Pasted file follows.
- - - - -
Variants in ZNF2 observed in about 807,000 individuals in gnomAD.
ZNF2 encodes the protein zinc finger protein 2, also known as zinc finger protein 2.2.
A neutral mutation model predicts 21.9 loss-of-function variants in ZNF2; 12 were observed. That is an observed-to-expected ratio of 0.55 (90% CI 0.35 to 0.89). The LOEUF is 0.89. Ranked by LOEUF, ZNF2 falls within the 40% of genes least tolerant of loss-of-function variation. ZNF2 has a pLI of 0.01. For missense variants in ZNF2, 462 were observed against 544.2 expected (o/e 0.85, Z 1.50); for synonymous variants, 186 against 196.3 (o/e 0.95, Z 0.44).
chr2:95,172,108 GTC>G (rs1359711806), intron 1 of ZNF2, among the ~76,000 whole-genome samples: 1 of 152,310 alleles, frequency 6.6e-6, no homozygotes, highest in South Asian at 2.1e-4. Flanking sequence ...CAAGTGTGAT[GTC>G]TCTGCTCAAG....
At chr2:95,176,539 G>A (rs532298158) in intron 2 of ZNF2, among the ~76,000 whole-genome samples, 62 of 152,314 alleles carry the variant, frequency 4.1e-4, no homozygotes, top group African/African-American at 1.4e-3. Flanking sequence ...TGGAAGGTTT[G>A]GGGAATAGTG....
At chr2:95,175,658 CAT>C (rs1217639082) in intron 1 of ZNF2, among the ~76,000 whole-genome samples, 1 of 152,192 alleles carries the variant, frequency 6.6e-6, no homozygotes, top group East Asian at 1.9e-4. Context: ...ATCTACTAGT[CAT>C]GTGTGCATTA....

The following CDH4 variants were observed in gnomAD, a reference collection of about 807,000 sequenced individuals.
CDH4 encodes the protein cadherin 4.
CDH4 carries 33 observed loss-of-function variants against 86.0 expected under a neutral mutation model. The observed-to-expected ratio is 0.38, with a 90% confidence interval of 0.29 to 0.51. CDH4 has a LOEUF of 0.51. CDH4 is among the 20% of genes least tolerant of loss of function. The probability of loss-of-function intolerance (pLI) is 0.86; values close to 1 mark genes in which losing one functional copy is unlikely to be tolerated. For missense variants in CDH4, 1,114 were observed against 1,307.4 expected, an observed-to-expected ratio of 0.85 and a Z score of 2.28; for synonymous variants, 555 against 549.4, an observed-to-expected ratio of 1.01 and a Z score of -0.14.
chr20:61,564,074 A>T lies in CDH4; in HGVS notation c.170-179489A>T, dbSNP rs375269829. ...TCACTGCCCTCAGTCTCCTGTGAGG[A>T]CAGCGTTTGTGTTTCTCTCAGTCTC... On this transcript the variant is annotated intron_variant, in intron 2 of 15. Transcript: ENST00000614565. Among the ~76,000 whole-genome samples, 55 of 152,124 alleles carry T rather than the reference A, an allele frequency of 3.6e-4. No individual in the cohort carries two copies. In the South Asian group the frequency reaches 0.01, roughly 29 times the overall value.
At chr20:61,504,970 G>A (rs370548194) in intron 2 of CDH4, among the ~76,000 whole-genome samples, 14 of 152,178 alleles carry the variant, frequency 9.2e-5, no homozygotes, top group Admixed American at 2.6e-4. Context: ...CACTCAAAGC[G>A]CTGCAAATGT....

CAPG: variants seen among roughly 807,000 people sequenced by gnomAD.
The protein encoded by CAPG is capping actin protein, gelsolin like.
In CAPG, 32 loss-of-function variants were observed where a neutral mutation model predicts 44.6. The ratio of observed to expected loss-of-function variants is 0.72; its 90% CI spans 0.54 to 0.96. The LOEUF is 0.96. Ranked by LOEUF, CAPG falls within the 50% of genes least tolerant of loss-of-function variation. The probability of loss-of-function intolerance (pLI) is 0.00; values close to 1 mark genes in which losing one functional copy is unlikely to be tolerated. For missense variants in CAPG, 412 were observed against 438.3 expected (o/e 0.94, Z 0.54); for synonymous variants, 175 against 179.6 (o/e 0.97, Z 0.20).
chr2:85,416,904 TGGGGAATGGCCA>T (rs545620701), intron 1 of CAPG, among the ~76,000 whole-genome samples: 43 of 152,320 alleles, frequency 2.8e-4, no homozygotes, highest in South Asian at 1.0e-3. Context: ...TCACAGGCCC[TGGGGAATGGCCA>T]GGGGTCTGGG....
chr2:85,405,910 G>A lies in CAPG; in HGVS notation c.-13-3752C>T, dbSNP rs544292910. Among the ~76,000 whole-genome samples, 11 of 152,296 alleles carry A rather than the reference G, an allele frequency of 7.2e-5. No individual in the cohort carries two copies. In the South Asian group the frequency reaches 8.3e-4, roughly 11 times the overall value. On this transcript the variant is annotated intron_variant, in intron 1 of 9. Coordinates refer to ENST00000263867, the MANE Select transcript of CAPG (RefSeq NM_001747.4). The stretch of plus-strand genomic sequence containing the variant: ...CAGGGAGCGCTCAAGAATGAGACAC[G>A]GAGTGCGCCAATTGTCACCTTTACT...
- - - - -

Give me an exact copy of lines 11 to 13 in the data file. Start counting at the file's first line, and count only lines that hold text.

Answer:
At chr20:61,504,970 G>A (rs370548194) in intron 2 of CDH4, among the ~76,000 whole-genome samples, 14 of 152,178 alleles carry the variant, frequency 9.2e-5, no homozygotes, top group Admixed American at 2.6e-4. Context: ...CACTCAAAGC[G>A]CTGCAAATGT....

CAPG: variants seen among roughly 807,000 people sequenced by gnomAD.
The protein encoded by CAPG is capping actin protein, gelsolin like.